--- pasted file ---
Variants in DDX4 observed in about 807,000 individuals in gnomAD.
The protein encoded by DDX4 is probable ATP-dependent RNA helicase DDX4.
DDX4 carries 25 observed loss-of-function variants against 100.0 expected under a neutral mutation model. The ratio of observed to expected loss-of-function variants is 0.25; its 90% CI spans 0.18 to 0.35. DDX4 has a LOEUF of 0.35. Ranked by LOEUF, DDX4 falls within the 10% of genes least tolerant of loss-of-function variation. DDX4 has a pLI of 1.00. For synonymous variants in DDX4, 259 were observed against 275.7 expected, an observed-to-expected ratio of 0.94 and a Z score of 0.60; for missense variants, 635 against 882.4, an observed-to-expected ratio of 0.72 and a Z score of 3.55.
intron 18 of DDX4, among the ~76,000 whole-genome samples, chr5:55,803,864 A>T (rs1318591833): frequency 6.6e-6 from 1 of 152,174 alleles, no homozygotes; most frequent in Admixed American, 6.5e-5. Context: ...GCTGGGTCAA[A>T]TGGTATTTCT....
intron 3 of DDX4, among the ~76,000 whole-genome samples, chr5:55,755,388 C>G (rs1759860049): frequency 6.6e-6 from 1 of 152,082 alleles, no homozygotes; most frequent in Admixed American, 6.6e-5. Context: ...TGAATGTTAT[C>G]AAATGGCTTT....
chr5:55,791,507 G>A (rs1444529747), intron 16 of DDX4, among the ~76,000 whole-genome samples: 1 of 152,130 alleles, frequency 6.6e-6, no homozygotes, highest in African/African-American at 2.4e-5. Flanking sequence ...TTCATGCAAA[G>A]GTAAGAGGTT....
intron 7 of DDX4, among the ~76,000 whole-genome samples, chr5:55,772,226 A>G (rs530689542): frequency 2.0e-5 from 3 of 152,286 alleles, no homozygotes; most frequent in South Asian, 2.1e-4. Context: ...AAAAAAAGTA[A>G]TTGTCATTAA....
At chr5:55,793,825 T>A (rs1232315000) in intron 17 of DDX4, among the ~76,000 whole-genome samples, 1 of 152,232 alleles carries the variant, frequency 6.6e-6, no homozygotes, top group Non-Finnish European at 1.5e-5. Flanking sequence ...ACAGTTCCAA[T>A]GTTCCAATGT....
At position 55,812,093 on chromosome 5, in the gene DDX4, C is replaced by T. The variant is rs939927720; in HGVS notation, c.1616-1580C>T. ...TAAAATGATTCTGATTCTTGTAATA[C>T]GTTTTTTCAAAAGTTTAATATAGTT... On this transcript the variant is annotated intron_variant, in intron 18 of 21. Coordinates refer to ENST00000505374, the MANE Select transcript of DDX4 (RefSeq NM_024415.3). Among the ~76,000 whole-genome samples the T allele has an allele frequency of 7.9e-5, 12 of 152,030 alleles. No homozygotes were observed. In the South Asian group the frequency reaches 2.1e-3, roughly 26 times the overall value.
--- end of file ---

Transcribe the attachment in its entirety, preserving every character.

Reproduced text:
Variants in DDX4 observed in about 807,000 individuals in gnomAD.
The protein encoded by DDX4 is probable ATP-dependent RNA helicase DDX4.
DDX4 carries 25 observed loss-of-function variants against 100.0 expected under a neutral mutation model. The ratio of observed to expected loss-of-function variants is 0.25; its 90% CI spans 0.18 to 0.35. DDX4 has a LOEUF of 0.35. Ranked by LOEUF, DDX4 falls within the 10% of genes least tolerant of loss-of-function variation. DDX4 has a pLI of 1.00. For synonymous variants in DDX4, 259 were observed against 275.7 expected, an observed-to-expected ratio of 0.94 and a Z score of 0.60; for missense variants, 635 against 882.4, an observed-to-expected ratio of 0.72 and a Z score of 3.55.
intron 18 of DDX4, among the ~76,000 whole-genome samples, chr5:55,803,864 A>T (rs1318591833): frequency 6.6e-6 from 1 of 152,174 alleles, no homozygotes; most frequent in Admixed American, 6.5e-5. Context: ...GCTGGGTCAA[A>T]TGGTATTTCT....
intron 3 of DDX4, among the ~76,000 whole-genome samples, chr5:55,755,388 C>G (rs1759860049): frequency 6.6e-6 from 1 of 152,082 alleles, no homozygotes; most frequent in Admixed American, 6.6e-5. Context: ...TGAATGTTAT[C>G]AAATGGCTTT....
chr5:55,791,507 G>A (rs1444529747), intron 16 of DDX4, among the ~76,000 whole-genome samples: 1 of 152,130 alleles, frequency 6.6e-6, no homozygotes, highest in African/African-American at 2.4e-5. Flanking sequence ...TTCATGCAAA[G>A]GTAAGAGGTT....
intron 7 of DDX4, among the ~76,000 whole-genome samples, chr5:55,772,226 A>G (rs530689542): frequency 2.0e-5 from 3 of 152,286 alleles, no homozygotes; most frequent in South Asian, 2.1e-4. Context: ...AAAAAAAGTA[A>G]TTGTCATTAA....
At chr5:55,793,825 T>A (rs1232315000) in intron 17 of DDX4, among the ~76,000 whole-genome samples, 1 of 152,232 alleles carries the variant, frequency 6.6e-6, no homozygotes, top group Non-Finnish European at 1.5e-5. Flanking sequence ...ACAGTTCCAA[T>A]GTTCCAATGT....
At position 55,812,093 on chromosome 5, in the gene DDX4, C is replaced by T. The variant is rs939927720; in HGVS notation, c.1616-1580C>T. ...TAAAATGATTCTGATTCTTGTAATA[C>T]GTTTTTTCAAAAGTTTAATATAGTT... On this transcript the variant is annotated intron_variant, in intron 18 of 21. Coordinates refer to ENST00000505374, the MANE Select transcript of DDX4 (RefSeq NM_024415.3). Among the ~76,000 whole-genome samples the T allele has an allele frequency of 7.9e-5, 12 of 152,030 alleles. No homozygotes were observed. In the South Asian group the frequency reaches 2.1e-3, roughly 26 times the overall value.